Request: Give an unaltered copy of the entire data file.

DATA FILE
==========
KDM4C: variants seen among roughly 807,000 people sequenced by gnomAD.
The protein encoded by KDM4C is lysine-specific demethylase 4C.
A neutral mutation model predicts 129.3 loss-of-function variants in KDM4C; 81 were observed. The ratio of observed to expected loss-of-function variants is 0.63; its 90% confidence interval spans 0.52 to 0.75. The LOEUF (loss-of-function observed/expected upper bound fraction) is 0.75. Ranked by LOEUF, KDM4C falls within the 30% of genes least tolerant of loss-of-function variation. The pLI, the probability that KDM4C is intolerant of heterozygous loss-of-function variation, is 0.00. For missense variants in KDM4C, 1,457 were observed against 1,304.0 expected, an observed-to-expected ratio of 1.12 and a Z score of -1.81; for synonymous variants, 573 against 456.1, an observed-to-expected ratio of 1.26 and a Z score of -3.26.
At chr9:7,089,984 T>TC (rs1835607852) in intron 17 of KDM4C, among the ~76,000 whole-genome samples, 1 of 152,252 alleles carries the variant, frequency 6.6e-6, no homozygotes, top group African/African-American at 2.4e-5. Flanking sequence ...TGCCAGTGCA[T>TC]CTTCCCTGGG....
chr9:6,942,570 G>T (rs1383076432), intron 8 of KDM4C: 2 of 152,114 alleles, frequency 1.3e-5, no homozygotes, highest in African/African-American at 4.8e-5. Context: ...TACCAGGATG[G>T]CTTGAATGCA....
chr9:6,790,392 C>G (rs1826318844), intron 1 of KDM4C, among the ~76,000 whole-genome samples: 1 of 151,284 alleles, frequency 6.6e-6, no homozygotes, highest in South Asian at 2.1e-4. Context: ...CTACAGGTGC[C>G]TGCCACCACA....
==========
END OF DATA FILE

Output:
KDM4C: variants seen among roughly 807,000 people sequenced by gnomAD.
The protein encoded by KDM4C is lysine-specific demethylase 4C.
A neutral mutation model predicts 129.3 loss-of-function variants in KDM4C; 81 were observed. The ratio of observed to expected loss-of-function variants is 0.63; its 90% confidence interval spans 0.52 to 0.75. The LOEUF (loss-of-function observed/expected upper bound fraction) is 0.75. Ranked by LOEUF, KDM4C falls within the 30% of genes least tolerant of loss-of-function variation. The pLI, the probability that KDM4C is intolerant of heterozygous loss-of-function variation, is 0.00. For missense variants in KDM4C, 1,457 were observed against 1,304.0 expected, an observed-to-expected ratio of 1.12 and a Z score of -1.81; for synonymous variants, 573 against 456.1, an observed-to-expected ratio of 1.26 and a Z score of -3.26.
At chr9:7,089,984 T>TC (rs1835607852) in intron 17 of KDM4C, among the ~76,000 whole-genome samples, 1 of 152,252 alleles carries the variant, frequency 6.6e-6, no homozygotes, top group African/African-American at 2.4e-5. Flanking sequence ...TGCCAGTGCA[T>TC]CTTCCCTGGG....
chr9:6,942,570 G>T (rs1383076432), intron 8 of KDM4C: 2 of 152,114 alleles, frequency 1.3e-5, no homozygotes, highest in African/African-American at 4.8e-5. Context: ...TACCAGGATG[G>T]CTTGAATGCA....
chr9:6,790,392 C>G (rs1826318844), intron 1 of KDM4C, among the ~76,000 whole-genome samples: 1 of 151,284 alleles, frequency 6.6e-6, no homozygotes, highest in South Asian at 2.1e-4. Context: ...CTACAGGTGC[C>G]TGCCACCACA....